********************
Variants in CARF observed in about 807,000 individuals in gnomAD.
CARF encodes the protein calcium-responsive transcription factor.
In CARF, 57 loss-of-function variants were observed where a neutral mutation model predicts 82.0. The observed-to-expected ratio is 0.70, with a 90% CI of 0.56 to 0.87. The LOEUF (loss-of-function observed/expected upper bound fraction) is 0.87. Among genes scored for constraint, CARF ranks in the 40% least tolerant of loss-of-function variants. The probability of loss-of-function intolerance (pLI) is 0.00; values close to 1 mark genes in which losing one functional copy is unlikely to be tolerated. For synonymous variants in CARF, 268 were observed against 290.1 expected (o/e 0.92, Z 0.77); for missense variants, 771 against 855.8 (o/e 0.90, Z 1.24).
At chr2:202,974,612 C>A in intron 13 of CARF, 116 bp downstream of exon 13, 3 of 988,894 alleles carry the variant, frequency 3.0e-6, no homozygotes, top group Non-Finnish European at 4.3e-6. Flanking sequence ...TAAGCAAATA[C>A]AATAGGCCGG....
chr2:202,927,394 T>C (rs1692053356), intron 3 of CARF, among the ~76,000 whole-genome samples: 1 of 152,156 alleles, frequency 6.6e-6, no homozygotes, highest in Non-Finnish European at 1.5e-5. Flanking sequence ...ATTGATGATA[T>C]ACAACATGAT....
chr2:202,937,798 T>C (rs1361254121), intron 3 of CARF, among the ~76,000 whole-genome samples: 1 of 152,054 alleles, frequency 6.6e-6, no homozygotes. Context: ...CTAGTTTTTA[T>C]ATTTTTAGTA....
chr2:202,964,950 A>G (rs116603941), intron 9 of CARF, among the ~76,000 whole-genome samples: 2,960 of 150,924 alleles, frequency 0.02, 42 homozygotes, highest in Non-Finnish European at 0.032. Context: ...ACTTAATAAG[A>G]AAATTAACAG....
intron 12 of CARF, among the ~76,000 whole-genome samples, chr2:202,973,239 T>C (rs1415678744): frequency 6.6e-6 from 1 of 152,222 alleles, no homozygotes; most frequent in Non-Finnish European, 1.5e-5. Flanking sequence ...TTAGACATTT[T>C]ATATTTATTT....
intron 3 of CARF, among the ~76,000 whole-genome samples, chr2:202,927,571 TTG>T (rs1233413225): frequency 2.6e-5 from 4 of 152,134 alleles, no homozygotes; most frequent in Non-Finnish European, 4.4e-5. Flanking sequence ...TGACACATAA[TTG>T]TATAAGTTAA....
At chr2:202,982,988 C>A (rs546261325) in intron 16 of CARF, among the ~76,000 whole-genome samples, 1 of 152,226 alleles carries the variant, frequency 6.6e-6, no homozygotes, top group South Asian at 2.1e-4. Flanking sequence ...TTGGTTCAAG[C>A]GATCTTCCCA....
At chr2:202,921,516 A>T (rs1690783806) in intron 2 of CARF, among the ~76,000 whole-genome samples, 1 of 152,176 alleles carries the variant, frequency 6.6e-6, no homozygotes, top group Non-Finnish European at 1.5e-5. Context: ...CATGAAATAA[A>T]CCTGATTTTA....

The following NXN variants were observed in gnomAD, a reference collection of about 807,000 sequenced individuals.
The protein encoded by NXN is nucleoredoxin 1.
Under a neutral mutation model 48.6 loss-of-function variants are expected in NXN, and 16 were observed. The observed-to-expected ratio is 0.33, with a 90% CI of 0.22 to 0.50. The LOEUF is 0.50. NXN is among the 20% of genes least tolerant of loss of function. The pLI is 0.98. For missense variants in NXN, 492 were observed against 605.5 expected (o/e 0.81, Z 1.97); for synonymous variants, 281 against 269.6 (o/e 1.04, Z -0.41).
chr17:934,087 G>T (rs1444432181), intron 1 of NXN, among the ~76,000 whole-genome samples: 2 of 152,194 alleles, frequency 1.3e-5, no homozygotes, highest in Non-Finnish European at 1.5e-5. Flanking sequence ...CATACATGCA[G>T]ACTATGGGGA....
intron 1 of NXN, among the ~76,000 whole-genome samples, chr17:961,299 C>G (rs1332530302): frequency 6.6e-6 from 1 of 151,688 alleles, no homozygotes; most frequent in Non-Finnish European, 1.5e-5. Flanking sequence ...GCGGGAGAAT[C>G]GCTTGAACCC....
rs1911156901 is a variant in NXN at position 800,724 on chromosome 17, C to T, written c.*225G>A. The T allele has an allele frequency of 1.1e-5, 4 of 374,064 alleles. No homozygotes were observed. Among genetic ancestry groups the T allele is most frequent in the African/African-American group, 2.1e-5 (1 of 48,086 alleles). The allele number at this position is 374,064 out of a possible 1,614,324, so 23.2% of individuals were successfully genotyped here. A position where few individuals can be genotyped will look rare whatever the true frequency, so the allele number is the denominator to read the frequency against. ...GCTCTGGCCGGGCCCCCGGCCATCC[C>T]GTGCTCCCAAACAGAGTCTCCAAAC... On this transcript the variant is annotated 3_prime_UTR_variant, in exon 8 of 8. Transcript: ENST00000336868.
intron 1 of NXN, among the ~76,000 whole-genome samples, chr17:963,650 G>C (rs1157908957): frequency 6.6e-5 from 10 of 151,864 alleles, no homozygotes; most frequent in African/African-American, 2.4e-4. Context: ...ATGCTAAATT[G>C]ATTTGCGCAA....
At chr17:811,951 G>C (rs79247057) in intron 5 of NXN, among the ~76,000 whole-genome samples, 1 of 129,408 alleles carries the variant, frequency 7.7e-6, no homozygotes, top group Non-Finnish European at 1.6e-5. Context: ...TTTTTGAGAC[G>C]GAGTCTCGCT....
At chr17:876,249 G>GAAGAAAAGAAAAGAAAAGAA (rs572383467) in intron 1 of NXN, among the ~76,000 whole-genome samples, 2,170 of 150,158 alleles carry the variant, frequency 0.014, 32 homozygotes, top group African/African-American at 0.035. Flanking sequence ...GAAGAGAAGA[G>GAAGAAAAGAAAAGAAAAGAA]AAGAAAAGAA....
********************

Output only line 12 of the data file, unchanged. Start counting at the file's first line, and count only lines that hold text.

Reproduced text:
The following NXN variants were observed in gnomAD, a reference collection of about 807,000 sequenced individuals.